Two in three (63%) employees feel their voice has been ignored in some way by their manager or employer, which may have a devastating impact on retention: A third (34%) of employees would rather quit or switch teams than voice their true concerns with management.
“When employees don’t feel heard or feel their needs aren’t met, they are less likely to maximize their talents and experience at their workplace — and more likely to seek those opportunities elsewhere,” said Dan Schawbel, managing partner at Workplace Intelligence, which surveyed 4,000 employees and people leaders worldwide for the report. “Feeling heard drives a sense of purpose and belonging. By implementing employee feedback, people leaders can create an organizational culture of psychological safety and trust that thrives when its people thrive.”
Feedback Isn’t Just Good for Culture — It’s Good for Business
Employees with very high senses of belonging (95%) and engagement (92%) are significantly more likely to feel heard than those with very low belonging (25%) or engagement (30%). This has a remarkable impact on the bottom line: Organizations are much more likely to perform well financially (88%) when their employees feel heard, engaged, and a sense of belonging.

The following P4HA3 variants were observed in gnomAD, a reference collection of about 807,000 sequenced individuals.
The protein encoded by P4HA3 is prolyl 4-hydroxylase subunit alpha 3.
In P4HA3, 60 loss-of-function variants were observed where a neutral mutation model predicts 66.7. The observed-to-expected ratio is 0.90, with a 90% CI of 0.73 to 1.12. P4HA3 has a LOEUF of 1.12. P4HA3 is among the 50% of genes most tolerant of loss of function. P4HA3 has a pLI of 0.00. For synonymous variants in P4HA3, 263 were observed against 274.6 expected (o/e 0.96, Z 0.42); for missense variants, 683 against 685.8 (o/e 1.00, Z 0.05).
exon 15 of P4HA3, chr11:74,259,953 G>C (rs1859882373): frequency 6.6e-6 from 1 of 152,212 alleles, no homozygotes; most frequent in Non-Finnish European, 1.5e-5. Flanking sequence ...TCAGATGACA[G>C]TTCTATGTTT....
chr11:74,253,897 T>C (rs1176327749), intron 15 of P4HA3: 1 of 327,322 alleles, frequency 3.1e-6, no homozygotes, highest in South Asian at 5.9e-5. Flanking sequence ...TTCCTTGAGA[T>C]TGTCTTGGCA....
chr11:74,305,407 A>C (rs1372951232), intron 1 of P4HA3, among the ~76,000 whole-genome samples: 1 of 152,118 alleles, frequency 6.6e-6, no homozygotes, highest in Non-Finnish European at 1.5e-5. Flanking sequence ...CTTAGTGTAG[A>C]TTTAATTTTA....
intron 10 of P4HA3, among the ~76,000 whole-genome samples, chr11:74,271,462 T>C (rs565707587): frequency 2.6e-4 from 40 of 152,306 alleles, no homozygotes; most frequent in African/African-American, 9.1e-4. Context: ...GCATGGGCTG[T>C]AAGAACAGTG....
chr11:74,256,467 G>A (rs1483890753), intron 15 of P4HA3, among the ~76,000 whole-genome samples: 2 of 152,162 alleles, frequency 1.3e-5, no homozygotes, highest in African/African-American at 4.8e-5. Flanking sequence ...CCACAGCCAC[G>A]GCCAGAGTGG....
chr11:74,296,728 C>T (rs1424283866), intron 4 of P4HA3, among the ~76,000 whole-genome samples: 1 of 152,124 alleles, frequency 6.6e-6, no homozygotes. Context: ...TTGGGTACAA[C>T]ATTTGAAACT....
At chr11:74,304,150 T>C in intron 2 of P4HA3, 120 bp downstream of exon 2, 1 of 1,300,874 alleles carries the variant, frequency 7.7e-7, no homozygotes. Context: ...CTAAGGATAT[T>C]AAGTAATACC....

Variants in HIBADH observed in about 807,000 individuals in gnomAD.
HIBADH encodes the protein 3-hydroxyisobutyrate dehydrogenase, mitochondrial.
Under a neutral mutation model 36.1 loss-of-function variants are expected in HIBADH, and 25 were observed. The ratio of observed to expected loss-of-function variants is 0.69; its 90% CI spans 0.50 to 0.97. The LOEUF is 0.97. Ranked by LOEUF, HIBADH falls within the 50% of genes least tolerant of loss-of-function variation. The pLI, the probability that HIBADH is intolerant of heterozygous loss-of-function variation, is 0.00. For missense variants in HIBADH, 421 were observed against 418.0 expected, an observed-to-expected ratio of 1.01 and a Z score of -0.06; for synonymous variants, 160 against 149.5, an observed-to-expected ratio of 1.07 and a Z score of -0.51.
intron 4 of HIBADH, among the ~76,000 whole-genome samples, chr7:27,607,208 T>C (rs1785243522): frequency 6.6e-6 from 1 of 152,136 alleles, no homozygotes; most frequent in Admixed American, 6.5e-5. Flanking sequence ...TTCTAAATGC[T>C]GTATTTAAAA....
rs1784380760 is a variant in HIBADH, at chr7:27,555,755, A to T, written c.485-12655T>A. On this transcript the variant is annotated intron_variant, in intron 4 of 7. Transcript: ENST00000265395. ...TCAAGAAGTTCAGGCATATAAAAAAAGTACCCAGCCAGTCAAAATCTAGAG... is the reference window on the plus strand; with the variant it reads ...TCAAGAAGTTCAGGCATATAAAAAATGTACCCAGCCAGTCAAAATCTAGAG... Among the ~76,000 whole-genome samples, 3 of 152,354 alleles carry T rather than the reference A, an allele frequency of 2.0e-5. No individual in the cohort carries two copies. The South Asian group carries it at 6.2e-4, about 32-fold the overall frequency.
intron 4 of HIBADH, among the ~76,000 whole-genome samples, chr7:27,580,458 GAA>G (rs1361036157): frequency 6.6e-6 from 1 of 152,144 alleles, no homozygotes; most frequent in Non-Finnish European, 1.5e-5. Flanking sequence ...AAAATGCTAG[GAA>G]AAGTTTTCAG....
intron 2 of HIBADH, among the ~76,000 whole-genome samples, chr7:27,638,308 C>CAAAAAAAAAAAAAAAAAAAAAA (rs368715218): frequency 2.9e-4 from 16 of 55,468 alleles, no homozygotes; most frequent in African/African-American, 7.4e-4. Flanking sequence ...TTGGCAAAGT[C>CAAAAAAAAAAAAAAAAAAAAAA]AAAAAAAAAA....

To dive deeper into the data and learn why investing in the voices of employees should be a strategic business imperative, read The Heard and the Heard-Nots executive report.
- Note to editors: Please refer to this as “The Heard and the Heard-Nots report by The Workforce Institute at UKG and Workplace Intelligence.”
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About The Workforce Institute at UKG